There are two theories about the origin of Valentine’s Day. According to, one is that the day derives from Lupercalia, a raucous Roman festival on February 15th where men stripped naked and spanked young maidens in the hopes of upping their fertility.  (Okay … that is a little weird).

The second theory is that while the Roman Emperor Claudius II was trying to bolster his army, he forbade young men to marry, because apparently single men make better soldiers. In the spirit of love, St. Valentine defied the ban and performed secret marriages, reports. For his disobedience, Valentine was executed on February 14th.

Although there were several Christian martyrs named Valentine, the day may have taken its name from that priest who was martyred about 270 CE by the emperor Claudius II Gothicus.  Other accounts hold that it was St. Valentine of Terni, a bishop, for whom the holiday was named, though it is possible the two saints were actually one person.

Formal messages, or valentines, appeared in the 1500s, and by the late 1700s commercially printed cards were being used. The first commercial valentines in the United States were printed in the mid-1800s. Valentines commonly depict Cupid, the Roman god of love, along with hearts, traditionally the seat of emotion. Because it was thought that the avian mating season begins in mid-February, birds also became a symbol of the day. Traditional gifts include candy and flowers, particularly red roses, a symbol of beauty and love.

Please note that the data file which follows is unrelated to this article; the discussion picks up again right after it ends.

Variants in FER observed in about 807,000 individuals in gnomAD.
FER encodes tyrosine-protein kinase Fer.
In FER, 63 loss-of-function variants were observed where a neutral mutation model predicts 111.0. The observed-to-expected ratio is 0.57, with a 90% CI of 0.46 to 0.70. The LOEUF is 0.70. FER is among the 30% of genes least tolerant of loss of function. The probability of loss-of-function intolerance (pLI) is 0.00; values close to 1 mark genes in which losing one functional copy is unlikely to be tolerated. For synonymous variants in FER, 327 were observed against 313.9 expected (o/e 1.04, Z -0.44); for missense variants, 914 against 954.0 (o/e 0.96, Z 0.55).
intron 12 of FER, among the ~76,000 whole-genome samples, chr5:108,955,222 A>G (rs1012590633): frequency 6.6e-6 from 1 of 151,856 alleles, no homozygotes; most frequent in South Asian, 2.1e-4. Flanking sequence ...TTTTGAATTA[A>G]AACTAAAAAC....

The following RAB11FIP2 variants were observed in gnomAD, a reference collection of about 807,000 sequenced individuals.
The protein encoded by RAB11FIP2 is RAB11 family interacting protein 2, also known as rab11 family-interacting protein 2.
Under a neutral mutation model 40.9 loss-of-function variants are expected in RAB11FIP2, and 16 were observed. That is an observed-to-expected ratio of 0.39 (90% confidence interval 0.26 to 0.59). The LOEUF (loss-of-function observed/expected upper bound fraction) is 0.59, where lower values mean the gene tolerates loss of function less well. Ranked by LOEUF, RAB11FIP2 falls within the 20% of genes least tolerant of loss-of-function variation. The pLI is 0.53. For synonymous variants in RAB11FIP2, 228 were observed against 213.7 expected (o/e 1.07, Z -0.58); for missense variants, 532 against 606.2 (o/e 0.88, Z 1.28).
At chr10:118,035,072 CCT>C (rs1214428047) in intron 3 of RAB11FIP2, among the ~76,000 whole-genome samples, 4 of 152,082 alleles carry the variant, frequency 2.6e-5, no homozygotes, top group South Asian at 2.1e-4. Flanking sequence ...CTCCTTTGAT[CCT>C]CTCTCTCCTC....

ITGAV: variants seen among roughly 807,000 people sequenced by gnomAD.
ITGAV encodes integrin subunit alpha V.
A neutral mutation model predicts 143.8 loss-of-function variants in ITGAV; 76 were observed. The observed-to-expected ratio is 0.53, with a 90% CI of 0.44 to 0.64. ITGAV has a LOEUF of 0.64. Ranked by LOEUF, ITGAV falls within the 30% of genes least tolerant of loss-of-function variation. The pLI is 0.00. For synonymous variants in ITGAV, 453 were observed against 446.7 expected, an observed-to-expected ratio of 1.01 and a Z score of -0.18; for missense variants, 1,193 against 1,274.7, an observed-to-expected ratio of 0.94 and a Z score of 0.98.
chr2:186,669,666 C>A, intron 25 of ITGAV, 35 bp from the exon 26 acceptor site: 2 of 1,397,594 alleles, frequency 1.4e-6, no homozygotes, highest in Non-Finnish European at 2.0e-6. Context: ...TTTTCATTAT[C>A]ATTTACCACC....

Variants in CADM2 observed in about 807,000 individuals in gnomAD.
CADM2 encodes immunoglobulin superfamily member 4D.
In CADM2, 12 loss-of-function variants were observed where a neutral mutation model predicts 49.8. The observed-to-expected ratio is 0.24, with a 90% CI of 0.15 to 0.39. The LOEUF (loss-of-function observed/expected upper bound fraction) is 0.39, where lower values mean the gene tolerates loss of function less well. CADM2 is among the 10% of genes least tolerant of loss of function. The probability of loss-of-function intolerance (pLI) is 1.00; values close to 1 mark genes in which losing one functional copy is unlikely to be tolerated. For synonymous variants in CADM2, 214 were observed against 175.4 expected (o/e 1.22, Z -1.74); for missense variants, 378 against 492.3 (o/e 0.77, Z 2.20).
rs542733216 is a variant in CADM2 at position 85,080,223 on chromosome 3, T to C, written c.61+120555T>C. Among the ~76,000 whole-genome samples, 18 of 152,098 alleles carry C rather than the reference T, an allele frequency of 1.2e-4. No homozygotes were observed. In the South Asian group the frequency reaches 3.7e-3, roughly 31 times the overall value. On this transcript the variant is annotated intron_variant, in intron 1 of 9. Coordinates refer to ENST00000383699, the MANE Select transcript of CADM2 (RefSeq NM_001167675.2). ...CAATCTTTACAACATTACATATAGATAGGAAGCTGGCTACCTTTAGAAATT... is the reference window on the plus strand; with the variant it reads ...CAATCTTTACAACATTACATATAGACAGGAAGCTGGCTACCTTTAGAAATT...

Oh and one other fun fact …Wearing your heart on your sleeve was more than just a phrase.  In the Middle Ages, young men and women drew names to see who their Valentine would be. According to Smithsonian, they would wear the name pinned to their sleeve for one week so that everyone would know their supposed true feelings.

So there you go … a little Valentine – Who knew?